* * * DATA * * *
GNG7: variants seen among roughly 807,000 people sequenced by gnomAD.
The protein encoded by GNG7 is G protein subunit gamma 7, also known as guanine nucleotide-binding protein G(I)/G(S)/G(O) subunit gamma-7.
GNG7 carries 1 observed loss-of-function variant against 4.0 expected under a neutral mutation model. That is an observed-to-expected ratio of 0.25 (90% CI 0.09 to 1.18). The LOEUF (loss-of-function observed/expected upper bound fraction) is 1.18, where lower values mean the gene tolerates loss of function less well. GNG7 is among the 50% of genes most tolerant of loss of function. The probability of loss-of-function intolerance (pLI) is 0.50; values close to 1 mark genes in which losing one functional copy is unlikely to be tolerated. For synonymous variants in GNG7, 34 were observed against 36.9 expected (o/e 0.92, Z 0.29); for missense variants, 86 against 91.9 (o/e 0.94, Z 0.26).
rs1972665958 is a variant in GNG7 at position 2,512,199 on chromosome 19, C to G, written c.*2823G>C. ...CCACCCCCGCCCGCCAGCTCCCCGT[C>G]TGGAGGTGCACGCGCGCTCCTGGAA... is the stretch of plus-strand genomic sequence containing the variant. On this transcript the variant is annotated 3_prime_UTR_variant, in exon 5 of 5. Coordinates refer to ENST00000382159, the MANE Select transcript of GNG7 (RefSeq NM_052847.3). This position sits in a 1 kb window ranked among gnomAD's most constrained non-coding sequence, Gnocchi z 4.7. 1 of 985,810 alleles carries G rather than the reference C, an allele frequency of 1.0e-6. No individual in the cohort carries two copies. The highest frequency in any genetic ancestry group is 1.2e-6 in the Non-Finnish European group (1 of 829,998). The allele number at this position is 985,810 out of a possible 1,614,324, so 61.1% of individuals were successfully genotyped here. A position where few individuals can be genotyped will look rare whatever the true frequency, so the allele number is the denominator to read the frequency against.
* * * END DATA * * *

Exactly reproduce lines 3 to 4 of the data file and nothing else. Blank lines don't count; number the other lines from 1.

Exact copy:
GNG7 carries 1 observed loss-of-function variant against 4.0 expected under a neutral mutation model. That is an observed-to-expected ratio of 0.25 (90% CI 0.09 to 1.18). The LOEUF (loss-of-function observed/expected upper bound fraction) is 1.18, where lower values mean the gene tolerates loss of function less well. GNG7 is among the 50% of genes most tolerant of loss of function. The probability of loss-of-function intolerance (pLI) is 0.50; values close to 1 mark genes in which losing one functional copy is unlikely to be tolerated. For synonymous variants in GNG7, 34 were observed against 36.9 expected (o/e 0.92, Z 0.29); for missense variants, 86 against 91.9 (o/e 0.94, Z 0.26).
rs1972665958 is a variant in GNG7 at position 2,512,199 on chromosome 19, C to G, written c.*2823G>C. ...CCACCCCCGCCCGCCAGCTCCCCGT[C>G]TGGAGGTGCACGCGCGCTCCTGGAA... is the stretch of plus-strand genomic sequence containing the variant. On this transcript the variant is annotated 3_prime_UTR_variant, in exon 5 of 5. Coordinates refer to ENST00000382159, the MANE Select transcript of GNG7 (RefSeq NM_052847.3). This position sits in a 1 kb window ranked among gnomAD's most constrained non-coding sequence, Gnocchi z 4.7. 1 of 985,810 alleles carries G rather than the reference C, an allele frequency of 1.0e-6. No individual in the cohort carries two copies. The highest frequency in any genetic ancestry group is 1.2e-6 in the Non-Finnish European group (1 of 829,998). The allele number at this position is 985,810 out of a possible 1,614,324, so 61.1% of individuals were successfully genotyped here. A position where few individuals can be genotyped will look rare whatever the true frequency, so the allele number is the denominator to read the frequency against.